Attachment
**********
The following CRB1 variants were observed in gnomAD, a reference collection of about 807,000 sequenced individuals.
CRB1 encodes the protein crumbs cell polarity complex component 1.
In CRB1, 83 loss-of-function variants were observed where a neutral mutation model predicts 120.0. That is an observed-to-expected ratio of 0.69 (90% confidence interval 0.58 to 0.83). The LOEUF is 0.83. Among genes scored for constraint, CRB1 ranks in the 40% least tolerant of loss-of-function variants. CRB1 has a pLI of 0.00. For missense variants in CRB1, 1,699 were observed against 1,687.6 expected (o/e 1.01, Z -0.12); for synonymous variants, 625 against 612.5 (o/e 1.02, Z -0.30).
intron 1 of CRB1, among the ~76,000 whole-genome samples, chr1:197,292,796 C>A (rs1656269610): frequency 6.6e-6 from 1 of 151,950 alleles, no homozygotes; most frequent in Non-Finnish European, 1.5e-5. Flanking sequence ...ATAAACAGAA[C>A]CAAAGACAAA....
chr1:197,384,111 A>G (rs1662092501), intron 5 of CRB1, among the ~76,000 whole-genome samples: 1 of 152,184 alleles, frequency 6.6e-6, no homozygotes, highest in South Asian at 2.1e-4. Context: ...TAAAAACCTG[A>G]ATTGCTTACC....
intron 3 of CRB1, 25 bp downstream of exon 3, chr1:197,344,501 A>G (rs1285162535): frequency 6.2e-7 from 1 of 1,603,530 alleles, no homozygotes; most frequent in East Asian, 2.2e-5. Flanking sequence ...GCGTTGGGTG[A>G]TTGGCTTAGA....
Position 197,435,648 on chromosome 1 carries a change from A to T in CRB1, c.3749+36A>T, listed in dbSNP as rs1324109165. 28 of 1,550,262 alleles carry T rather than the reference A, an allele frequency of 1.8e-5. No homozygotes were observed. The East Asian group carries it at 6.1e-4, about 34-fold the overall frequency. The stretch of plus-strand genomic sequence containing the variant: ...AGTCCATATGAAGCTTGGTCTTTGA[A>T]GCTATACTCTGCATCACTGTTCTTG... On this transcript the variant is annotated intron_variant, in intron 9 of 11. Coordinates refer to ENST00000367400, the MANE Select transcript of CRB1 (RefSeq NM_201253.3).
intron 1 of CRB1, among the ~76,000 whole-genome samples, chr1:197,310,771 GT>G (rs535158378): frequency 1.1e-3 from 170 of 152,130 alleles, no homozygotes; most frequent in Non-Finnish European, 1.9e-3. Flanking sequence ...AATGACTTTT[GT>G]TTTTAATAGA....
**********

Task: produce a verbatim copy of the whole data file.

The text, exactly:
The following CRB1 variants were observed in gnomAD, a reference collection of about 807,000 sequenced individuals.
CRB1 encodes the protein crumbs cell polarity complex component 1.
In CRB1, 83 loss-of-function variants were observed where a neutral mutation model predicts 120.0. That is an observed-to-expected ratio of 0.69 (90% confidence interval 0.58 to 0.83). The LOEUF is 0.83. Among genes scored for constraint, CRB1 ranks in the 40% least tolerant of loss-of-function variants. CRB1 has a pLI of 0.00. For missense variants in CRB1, 1,699 were observed against 1,687.6 expected (o/e 1.01, Z -0.12); for synonymous variants, 625 against 612.5 (o/e 1.02, Z -0.30).
intron 1 of CRB1, among the ~76,000 whole-genome samples, chr1:197,292,796 C>A (rs1656269610): frequency 6.6e-6 from 1 of 151,950 alleles, no homozygotes; most frequent in Non-Finnish European, 1.5e-5. Flanking sequence ...ATAAACAGAA[C>A]CAAAGACAAA....
chr1:197,384,111 A>G (rs1662092501), intron 5 of CRB1, among the ~76,000 whole-genome samples: 1 of 152,184 alleles, frequency 6.6e-6, no homozygotes, highest in South Asian at 2.1e-4. Context: ...TAAAAACCTG[A>G]ATTGCTTACC....
intron 3 of CRB1, 25 bp downstream of exon 3, chr1:197,344,501 A>G (rs1285162535): frequency 6.2e-7 from 1 of 1,603,530 alleles, no homozygotes; most frequent in East Asian, 2.2e-5. Flanking sequence ...GCGTTGGGTG[A>G]TTGGCTTAGA....
Position 197,435,648 on chromosome 1 carries a change from A to T in CRB1, c.3749+36A>T, listed in dbSNP as rs1324109165. 28 of 1,550,262 alleles carry T rather than the reference A, an allele frequency of 1.8e-5. No homozygotes were observed. The East Asian group carries it at 6.1e-4, about 34-fold the overall frequency. The stretch of plus-strand genomic sequence containing the variant: ...AGTCCATATGAAGCTTGGTCTTTGA[A>T]GCTATACTCTGCATCACTGTTCTTG... On this transcript the variant is annotated intron_variant, in intron 9 of 11. Coordinates refer to ENST00000367400, the MANE Select transcript of CRB1 (RefSeq NM_201253.3).
intron 1 of CRB1, among the ~76,000 whole-genome samples, chr1:197,310,771 GT>G (rs535158378): frequency 1.1e-3 from 170 of 152,130 alleles, no homozygotes; most frequent in Non-Finnish European, 1.9e-3. Flanking sequence ...AATGACTTTT[GT>G]TTTTAATAGA....